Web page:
(just to be on the safe side)

How it Began; Part 2

(c) 2013 Necia Phoenix

The cave stank of fear and desperation. Greyson stopped just inside the entry to gain control of his stomach, and let his night vision adjust. Seeing in the dim light, while a blessing in the mountains, was a curse in the dank tunnel. There were things he didn’t want to see. Remains of other victims lay by the doors of their cells. They were far too late to save them. Dmitri, hadn’t been willing to come inside, now that he was there, Grey couldn’t blame him.

“Come on, boy, she’d be down this way.” Stilgar’s voice broke through his thoughts. Grey nodded.

“He said four or five cells.” Habcore said. “There’s a lot more here than four or five.”

“Aye.” Toura looked ill.

“Lothos is crazy.” Grey said. A whimper drifted from the depths of the tunnel.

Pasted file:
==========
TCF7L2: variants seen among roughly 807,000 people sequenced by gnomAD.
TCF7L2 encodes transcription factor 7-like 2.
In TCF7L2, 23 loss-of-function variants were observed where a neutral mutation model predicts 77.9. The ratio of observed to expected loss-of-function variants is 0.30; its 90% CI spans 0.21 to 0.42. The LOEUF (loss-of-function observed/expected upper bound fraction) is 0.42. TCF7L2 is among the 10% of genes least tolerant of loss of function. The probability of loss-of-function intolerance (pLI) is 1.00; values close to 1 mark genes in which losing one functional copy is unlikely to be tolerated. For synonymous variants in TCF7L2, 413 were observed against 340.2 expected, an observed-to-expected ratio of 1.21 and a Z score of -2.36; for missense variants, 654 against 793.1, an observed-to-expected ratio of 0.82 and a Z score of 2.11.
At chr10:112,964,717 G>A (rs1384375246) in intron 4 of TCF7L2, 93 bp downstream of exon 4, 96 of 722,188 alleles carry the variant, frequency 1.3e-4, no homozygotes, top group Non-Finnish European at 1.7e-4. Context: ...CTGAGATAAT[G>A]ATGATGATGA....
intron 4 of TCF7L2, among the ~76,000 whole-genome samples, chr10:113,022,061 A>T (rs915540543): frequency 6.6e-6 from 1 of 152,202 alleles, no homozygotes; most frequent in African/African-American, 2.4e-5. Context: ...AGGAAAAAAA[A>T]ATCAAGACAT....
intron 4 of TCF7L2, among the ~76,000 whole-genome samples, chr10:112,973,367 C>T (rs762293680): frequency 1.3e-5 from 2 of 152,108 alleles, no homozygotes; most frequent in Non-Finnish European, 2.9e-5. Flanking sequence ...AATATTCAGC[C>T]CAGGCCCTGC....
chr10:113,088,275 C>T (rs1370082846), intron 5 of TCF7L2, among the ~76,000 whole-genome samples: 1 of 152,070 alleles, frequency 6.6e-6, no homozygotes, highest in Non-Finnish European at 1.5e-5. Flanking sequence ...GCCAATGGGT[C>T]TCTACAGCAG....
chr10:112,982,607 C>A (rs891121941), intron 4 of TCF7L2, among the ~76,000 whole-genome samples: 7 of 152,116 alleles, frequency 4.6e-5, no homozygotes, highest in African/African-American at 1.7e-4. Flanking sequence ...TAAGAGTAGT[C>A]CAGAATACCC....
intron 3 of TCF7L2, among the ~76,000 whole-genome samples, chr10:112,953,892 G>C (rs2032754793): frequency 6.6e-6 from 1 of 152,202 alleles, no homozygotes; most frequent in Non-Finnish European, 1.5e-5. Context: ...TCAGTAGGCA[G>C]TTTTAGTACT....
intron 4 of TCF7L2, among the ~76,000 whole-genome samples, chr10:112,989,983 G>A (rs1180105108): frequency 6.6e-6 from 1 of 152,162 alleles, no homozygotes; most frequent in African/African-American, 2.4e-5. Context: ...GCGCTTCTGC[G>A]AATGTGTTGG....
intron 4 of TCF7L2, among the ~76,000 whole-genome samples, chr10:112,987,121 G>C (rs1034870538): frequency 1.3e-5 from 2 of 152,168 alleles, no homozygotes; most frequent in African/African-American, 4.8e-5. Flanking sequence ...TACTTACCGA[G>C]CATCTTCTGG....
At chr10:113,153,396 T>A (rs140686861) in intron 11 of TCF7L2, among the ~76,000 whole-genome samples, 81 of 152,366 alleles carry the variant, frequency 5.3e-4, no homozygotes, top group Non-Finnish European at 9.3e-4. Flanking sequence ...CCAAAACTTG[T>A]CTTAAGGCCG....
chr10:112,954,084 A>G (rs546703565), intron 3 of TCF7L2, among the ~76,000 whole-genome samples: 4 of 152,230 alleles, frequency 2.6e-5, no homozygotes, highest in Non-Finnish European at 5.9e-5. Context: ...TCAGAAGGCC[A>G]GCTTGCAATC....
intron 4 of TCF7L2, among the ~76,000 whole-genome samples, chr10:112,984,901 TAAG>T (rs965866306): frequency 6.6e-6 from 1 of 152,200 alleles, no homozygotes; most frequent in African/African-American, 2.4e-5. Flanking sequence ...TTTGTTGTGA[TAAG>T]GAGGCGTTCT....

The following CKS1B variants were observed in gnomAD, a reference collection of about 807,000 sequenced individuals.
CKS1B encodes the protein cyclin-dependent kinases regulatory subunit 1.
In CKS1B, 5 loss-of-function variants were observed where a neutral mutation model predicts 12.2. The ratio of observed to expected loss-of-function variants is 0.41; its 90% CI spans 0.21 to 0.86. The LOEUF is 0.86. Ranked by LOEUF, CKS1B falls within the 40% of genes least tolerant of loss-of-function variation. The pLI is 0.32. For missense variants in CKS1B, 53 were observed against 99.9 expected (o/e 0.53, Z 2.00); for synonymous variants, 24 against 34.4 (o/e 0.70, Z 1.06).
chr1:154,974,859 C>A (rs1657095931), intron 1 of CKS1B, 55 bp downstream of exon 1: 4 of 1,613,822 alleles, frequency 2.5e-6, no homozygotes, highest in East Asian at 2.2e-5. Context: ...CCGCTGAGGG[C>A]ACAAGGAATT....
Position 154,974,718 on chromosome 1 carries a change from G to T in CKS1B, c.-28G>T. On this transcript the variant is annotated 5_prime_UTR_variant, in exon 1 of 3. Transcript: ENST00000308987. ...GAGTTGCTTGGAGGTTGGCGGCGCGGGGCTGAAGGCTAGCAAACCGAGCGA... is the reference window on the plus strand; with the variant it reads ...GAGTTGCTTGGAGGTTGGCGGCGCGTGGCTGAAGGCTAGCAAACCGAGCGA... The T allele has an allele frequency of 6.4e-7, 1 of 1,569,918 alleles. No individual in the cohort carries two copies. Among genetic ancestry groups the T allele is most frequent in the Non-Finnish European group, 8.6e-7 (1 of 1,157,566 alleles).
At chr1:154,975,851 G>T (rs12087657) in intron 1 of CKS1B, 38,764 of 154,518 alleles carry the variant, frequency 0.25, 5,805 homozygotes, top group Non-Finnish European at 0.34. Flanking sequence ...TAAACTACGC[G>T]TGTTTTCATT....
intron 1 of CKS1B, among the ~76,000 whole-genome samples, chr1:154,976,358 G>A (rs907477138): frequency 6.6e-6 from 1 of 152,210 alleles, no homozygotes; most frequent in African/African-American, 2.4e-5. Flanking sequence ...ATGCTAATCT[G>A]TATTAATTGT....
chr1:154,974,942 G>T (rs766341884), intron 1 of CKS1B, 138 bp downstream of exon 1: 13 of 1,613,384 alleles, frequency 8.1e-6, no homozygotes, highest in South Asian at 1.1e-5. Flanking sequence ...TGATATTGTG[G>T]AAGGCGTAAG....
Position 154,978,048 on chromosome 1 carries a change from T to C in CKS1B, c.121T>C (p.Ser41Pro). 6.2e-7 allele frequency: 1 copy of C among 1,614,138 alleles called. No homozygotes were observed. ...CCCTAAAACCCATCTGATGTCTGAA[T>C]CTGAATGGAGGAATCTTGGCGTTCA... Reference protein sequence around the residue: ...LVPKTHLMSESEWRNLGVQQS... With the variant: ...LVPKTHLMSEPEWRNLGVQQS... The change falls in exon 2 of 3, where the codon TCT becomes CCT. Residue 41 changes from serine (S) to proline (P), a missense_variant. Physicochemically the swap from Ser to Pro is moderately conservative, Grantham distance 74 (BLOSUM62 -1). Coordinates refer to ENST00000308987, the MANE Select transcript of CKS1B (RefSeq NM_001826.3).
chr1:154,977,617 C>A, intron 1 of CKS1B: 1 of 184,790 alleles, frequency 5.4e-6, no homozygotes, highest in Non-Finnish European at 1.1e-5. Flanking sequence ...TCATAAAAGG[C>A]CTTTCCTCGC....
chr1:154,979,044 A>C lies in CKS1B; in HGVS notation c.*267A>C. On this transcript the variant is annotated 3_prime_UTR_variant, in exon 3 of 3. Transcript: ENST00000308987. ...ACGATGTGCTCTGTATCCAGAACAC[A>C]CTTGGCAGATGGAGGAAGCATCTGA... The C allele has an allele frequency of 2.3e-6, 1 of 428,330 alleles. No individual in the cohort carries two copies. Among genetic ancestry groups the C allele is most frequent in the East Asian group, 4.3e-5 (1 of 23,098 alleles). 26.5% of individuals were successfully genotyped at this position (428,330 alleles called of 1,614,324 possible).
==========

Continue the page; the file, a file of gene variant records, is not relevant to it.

“Someone is down there.” Stilgar said softly.

“Dragonmaster, she might know him,” Fiore said, stepping over. “But I’m female, and it was a male that did this to her.”

Stilgar looked back and forth between them and nodded. “Go with her Grey, she may recognize your voice.”

Fiore took the furs from him, and he followed her down the cold tunnel.

She was huddled in a corner, her pale skin covered in dark bruises, her only covering was her pale hair around her. She looked towards them fearfully, cringing.

“Open this door Grey.” Fiore whispered.  She turned her attention to the woman, her voice soft. “My lady? We’re here to get you out, Lady Aunusha sent us.”

Grey nodded, gripping the bars, pulling on the dragon-strength and anger. No one had ever looked at him in such fear. He stepped back, tearing the door from the frame set in the stone, and resisted the urge to throw it, setting it to one side. Fiore crouched beside the woman, draping the fur over her slim form. The woman kept looking towards Grey with a frown.